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Trump's summit with tech executives looks good on jobs, but security issues remain thorny

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President-elect Donald Trump and SoftBank Chief Executive Officer Masayoshi Son, right, walk into the lobby to speak to members of the media at Trump Tower in New York, Tuesday, Dec. 6, 2016. (AP Photo/Andrew Harnik)

On Wednesday afternoon, President-elect Donald Trump hosted a group of the most powerful American technology companies at his tower in New York after months of tough campaign talk on bringing productive jobs back to the United States, repatriating corporate overseas cash, and some worrying assertions about increasing the scope of the public-private tech partnership in national security.

While discussions went smoothly on the next wave of high-tech domestic production and incentivizing deeper investment in the United States, sensitive issues of data privacy, encryption, and government surveillance were largely unaddressed and continue to loom large over the budding relationship between the new White House and Silicon Valley.

According to reports, the big tech executives attending the meeting with Trump include Alphabet (formerly Google) CEO Larry Page, Apple CEO Tim Cook, Facebook COO Sheryl Sandberg, Amazon CEO Jeff Bezos, IBM CEO Ginni Rometty, Tesla and SpaceX founder Elon Musk, and Microsoft CEO Satya Nadella. The Trump transition team indicated earlier in the day that Trump would also have private one-on-one meetings with Apple's Larry page and Elon Musk.

Erik Brynjolfsson, director of the MIT Initiative on the Digital Economy, said the meeting between Trump and tech leaders is important, especially in light of how it is "changing the fundamentals of the U.S. economy" and workforce.

Ahead of the Wednesday meeting at Trump Tower, a handful of major announcements came from major technology firms IBM, Foxxcon, and Softbank, announcing preliminary deals that are in line with Donald Trump's campaign pledge to get more manufacturing jobs in the United States.

Before sitting down with Trump, IBM executive Rometty announced plans to invest $1 billion and hire 25,000 people in the United States over the next four years. Rometty is also a member of Trump’s advisory panel of business leaders, a panel that brings together some of the biggest names in American business to advise the Trump team on how to "make it attractive for firms to create new jobs" in the United States.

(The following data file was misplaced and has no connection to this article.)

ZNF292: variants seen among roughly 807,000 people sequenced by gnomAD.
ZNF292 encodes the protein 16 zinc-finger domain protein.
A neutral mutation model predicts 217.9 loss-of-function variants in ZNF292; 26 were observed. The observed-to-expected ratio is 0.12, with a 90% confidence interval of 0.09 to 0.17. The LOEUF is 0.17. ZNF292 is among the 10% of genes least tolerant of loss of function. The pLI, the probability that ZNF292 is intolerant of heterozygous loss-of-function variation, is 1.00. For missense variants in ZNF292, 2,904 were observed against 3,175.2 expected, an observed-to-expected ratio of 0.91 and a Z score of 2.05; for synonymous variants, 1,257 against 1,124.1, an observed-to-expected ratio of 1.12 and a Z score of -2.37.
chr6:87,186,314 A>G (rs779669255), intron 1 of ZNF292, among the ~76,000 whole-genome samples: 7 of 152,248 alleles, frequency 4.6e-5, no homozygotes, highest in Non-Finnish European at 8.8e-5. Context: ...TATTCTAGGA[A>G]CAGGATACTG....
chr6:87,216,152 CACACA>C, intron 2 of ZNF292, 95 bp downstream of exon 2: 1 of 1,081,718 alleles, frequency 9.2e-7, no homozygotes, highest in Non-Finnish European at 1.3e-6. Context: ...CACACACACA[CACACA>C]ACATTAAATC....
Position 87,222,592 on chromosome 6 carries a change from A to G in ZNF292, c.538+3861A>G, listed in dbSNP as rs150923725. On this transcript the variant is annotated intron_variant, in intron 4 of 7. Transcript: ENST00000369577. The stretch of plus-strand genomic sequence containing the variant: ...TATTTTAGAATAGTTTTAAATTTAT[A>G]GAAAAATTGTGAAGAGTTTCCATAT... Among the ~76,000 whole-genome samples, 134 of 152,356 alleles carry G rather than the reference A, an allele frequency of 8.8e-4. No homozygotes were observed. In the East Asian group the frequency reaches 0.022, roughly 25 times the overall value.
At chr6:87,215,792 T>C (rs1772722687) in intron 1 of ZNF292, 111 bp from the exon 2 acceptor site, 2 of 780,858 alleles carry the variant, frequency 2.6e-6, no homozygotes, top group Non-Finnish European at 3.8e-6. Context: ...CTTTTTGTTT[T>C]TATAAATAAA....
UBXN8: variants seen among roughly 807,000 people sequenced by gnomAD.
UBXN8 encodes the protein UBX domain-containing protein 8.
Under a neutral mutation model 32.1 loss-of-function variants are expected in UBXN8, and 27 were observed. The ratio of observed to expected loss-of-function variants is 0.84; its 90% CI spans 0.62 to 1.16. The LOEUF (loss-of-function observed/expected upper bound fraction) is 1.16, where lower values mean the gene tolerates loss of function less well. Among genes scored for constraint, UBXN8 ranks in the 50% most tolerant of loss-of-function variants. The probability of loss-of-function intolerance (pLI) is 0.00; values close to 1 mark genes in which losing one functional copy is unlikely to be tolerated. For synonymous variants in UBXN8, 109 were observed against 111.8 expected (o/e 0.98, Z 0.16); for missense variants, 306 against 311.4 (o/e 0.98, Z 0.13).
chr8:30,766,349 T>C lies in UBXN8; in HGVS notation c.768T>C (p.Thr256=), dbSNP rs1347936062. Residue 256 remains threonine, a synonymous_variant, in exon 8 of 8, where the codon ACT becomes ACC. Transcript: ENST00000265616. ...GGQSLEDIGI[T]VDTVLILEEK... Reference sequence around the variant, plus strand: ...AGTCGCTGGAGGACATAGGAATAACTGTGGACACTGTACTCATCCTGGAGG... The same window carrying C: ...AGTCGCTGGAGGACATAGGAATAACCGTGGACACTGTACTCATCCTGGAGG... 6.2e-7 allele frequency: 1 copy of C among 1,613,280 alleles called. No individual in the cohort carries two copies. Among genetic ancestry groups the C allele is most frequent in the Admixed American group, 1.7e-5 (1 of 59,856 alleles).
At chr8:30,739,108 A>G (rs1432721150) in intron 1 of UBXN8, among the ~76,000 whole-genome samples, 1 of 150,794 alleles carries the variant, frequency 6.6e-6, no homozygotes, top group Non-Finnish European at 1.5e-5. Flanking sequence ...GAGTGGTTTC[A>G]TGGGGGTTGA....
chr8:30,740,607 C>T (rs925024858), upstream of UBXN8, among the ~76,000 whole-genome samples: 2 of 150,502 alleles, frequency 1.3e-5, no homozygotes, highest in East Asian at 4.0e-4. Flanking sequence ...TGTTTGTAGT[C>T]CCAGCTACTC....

Only one week ago, Foxxcon announced preliminary discussions to expand operations in the United States. Taiwanese-based Foxxcon is the world's largest contract electronics manufacture and a major supplier Google, Dell, Apple, and Sony, among others. And just before that, Masayoshi Son, founder of Japan's SoftBank Group Corp. met with the president-elect in Trump Tower to announce a $50 billion investment in the United States and create 50,000 new jobs, a step that Trump said was a direct outcome of his election victory.

Brynjolfsson sees the renewed interest in U.S. investment as an indication of how the economy is evolving, rather than a strictly political issue. "The good news is, in many ways it's becoming more cost-competitive to do manufacturing in America," he said. As manufacturing jobs require less labor, "the low cost labor in china isn't at as big of an advantage as it used to be."

But companies still need to be encouraged to make it in America. For Trump, that has meant enticing business leaders with like tax credits or regulatory changes, and even making threats of stiff tariffs for companies trying to sell foreign-made products domestically.

During a January rally, Trump said, "We’re going to get Apple to build their damn computers and things in this country instead of other countries.” He also indirectly criticized Apple, which reportedly keeps nearly $200 billion overseas to avoid paying U.S. taxes.

In an interview last year, Apple CEO Tim Cook said he would "love" to bring Apple production back to the United States, but because of the tax code, it just doesn't make sense to produce domestically. "It would cost me 40 percent to bring it home," Cook said.

After Trump takes the White House, Cook may get his wish to bring production back to the States. In late November, Trump recounted a phone call with Cook where he told the Apple CEO that it would be a real personal achievement if he could get Apple to "build a big plant...or many big plants in the United States." The incentive for Cook? "We’re going for a very large tax cut for corporations, which you’ll be happy about," Trump recalled telling the CEO.

Attracting the best and brightest to come back home is not only about specific deals with companies, according to Brynjolfsson. "The answer isn't just to try to buy the good will of the companies, it's to attract them with a superior workforce...then we become the best place to manufacture."

The tax breaks won't hurt either, he added.

Trump's tax plan calls for a a one-time tax of 10 percent for companies seeking to repatriate their overseas earnings. He has also pledged to cut corporate tax rates to further incentivize the move. Making mountains of overseas cash available for reinvestment at home could contribute significantly to both private and public investment in educating a new American workforce, Brynjolfsson noted.